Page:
Tabulation step 1140 summarizes and present the results for review. The script outputs three sets of results. The first is a visual trace to a screen in the design system which lists the signal, instance, cell, port, gate area, DC effective Eox, and peak Eox for each signal with a DC effective Eox greater than 4.5 Mv/cm. A final tally of the affected gate oxide areas is given at the end of the run. The trace also shows warnings or errors in the run. Table 2 is an example of the results for the signal shown in FIG. 10.
GOI Analysis Result Example
Gate Area: 1.050
EoxDC: Nch 4.941438
EoxPk: Nch 5.970432
The second set of results is a pair of files containing the gate area for every individual peak Eox and DC effective Eox. The third set of results is a pair of files with the gate area for specified ranges of peak Eox or DC effective Eox. This pair of files can be used to compare gate areas to the gate-oxide-area/Eox tables or for histogram information. The divisions can be set in the control file of the GOI analysis script.
A special file containing the gate areas for the transistors in the macro cells must be created prior to running this flow. The format for this is as follows (areas are in μ/m2):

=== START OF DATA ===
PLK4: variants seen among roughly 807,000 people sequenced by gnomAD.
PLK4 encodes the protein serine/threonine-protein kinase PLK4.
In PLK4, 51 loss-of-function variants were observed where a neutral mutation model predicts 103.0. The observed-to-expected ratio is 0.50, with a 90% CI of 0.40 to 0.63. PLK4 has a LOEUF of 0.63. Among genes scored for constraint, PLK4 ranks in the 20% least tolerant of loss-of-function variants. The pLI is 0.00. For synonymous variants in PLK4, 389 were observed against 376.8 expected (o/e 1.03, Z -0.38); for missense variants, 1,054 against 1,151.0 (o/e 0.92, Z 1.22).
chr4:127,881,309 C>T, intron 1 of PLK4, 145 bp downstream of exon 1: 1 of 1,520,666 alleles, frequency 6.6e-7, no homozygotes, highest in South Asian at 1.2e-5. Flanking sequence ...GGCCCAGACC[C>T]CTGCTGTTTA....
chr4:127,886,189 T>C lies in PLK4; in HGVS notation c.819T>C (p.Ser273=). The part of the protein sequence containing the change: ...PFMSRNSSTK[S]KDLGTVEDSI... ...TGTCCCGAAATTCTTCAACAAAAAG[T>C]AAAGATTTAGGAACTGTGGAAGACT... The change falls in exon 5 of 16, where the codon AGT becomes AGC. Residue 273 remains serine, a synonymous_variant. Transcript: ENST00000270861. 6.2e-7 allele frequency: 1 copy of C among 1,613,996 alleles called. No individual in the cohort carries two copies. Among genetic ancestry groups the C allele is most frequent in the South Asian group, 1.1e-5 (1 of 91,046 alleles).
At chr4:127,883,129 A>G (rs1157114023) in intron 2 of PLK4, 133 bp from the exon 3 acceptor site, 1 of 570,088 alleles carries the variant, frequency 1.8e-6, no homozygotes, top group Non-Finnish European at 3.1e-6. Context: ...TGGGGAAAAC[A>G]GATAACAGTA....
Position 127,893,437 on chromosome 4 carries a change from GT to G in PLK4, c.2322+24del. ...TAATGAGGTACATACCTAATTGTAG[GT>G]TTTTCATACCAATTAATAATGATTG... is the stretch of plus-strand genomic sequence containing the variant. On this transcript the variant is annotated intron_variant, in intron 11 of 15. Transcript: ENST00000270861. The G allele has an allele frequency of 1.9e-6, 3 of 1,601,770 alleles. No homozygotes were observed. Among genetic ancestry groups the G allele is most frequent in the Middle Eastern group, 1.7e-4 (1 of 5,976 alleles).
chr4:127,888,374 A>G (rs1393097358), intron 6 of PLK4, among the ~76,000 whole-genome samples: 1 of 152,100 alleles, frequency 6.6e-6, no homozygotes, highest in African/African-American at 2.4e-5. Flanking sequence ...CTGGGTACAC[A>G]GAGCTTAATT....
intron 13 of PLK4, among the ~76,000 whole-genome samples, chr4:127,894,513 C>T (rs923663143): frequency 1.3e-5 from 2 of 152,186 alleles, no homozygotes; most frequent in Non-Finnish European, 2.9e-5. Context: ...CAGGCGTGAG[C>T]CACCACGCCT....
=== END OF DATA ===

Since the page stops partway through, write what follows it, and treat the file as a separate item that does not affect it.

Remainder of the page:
Also, the script expects a control file containing the location of input files, the process parameters, and the analysis conditions. A sample control file is show in Table 3. The “limit” values depend on the technology used for a given IC and proper selection of such design rules is beyond the scope of this disclosure. In the embodiment discussed herein, a limit of 4.5 mv/cm is selected for EoxDC. It has been determined that short term transient overshoots are acceptable provided the equivalent DC limit is not exceeded.
Sample Control File
# Sample control file
# VDD 1.95
<path to the inst_info file>
<path to file with gate-areas for macros>
<path to the comprehensive netlist file>
<name for gate-area/Eox table output files>
<name for complete gate-area/Eox list output files>
<name for script to be created>
<supply voltage for SPICE simulations (V)>
<ground voltage for SPICE simulations (V)>
<floor value for Eox (Mv/cm)>
<oxide thickness of N-channel xtors (m)>